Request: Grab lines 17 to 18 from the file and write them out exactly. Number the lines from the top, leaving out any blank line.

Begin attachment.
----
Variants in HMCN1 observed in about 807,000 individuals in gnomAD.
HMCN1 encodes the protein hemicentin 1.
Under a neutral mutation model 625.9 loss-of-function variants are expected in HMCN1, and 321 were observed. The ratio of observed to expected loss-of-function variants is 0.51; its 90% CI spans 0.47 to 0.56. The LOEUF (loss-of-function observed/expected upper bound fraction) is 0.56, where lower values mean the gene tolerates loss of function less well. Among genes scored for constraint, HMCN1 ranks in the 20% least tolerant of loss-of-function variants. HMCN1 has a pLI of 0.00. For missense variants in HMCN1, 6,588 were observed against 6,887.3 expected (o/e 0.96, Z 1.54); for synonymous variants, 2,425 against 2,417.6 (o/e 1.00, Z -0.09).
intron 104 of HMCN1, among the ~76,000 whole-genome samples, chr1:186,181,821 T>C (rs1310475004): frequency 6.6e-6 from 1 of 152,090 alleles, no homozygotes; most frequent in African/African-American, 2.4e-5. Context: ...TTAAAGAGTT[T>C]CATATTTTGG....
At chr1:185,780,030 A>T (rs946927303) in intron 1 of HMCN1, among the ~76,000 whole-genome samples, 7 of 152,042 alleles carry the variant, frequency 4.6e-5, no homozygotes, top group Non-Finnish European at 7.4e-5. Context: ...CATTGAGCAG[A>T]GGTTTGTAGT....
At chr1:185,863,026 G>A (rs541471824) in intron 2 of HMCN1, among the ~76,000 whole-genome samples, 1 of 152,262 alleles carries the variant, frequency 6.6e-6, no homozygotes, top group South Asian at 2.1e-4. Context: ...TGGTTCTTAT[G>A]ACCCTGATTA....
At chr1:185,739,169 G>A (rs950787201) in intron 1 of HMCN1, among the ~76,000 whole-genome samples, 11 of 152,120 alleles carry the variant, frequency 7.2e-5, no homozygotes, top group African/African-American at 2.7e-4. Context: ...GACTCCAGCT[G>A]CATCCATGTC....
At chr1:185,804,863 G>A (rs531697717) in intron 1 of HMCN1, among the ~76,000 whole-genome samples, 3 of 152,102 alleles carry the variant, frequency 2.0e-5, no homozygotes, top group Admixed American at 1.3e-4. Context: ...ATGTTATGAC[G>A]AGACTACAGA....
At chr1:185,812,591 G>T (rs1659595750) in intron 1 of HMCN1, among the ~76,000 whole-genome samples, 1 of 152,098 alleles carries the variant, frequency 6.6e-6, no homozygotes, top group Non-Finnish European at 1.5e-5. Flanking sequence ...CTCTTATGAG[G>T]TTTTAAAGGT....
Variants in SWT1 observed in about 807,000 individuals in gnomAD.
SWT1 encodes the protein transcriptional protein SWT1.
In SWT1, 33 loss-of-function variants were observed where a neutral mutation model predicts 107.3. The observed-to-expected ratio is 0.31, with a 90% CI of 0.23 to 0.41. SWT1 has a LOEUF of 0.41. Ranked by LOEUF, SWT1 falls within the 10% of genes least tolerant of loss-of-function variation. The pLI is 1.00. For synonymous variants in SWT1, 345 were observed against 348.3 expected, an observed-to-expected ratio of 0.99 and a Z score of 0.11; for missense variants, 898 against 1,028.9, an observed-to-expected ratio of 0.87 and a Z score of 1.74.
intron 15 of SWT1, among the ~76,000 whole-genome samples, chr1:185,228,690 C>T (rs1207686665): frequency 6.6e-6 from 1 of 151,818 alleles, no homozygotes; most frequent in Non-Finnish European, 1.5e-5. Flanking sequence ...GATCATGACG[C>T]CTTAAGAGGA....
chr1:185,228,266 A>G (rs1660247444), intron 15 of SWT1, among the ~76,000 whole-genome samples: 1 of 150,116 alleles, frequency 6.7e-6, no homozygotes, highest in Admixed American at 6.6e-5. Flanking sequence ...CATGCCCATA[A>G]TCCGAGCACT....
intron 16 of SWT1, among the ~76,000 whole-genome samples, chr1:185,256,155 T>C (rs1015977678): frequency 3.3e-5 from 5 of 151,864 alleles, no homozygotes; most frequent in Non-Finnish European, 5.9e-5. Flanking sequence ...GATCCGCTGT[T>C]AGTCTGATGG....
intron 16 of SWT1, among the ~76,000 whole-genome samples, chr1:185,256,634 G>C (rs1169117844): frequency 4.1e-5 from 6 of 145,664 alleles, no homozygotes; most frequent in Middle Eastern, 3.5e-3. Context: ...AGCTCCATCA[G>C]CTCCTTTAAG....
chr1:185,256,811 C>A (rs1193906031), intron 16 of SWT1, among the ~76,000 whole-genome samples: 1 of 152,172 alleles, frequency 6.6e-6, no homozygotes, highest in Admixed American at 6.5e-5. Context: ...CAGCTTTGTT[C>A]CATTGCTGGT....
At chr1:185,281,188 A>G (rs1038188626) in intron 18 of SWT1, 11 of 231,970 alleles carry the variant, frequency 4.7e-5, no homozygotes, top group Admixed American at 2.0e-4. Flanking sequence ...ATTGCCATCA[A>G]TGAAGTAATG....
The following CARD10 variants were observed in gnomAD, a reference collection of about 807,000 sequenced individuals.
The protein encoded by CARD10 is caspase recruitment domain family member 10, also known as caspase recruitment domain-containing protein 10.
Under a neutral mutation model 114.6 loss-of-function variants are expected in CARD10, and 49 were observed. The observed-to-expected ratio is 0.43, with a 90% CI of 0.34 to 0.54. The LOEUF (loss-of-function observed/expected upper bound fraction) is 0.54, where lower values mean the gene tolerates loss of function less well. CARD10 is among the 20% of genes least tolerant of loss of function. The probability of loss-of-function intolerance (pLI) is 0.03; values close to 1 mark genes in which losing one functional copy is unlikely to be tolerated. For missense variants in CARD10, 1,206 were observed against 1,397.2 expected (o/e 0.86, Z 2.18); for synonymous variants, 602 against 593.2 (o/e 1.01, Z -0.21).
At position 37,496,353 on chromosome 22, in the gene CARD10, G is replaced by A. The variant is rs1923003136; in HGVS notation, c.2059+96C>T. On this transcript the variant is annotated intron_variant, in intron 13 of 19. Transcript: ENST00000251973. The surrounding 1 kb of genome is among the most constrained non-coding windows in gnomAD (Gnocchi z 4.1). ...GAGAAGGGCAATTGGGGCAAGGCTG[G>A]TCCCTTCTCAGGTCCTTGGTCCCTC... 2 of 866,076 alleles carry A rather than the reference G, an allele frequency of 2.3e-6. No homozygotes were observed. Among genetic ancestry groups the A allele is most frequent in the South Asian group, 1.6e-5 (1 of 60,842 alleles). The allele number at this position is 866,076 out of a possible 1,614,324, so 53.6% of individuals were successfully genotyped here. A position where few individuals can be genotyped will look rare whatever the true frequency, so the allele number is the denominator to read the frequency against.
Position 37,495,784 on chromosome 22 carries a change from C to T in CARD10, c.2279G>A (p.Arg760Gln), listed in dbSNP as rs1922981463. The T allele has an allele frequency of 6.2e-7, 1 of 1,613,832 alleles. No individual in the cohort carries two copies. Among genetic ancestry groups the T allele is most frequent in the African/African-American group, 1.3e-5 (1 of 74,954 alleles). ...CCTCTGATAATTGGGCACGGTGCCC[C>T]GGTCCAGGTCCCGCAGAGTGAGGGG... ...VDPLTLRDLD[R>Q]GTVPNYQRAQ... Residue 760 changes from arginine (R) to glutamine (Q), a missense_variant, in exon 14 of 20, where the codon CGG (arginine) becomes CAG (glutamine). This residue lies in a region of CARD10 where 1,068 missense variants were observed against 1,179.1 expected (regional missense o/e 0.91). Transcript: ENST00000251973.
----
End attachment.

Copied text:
chr1:185,256,811 C>A (rs1193906031), intron 16 of SWT1, among the ~76,000 whole-genome samples: 1 of 152,172 alleles, frequency 6.6e-6, no homozygotes, highest in Admixed American at 6.5e-5. Context: ...CAGCTTTGTT[C>A]CATTGCTGGT....
At chr1:185,281,188 A>G (rs1038188626) in intron 18 of SWT1, 11 of 231,970 alleles carry the variant, frequency 4.7e-5, no homozygotes, top group Admixed American at 2.0e-4. Flanking sequence ...ATTGCCATCA[A>G]TGAAGTAATG....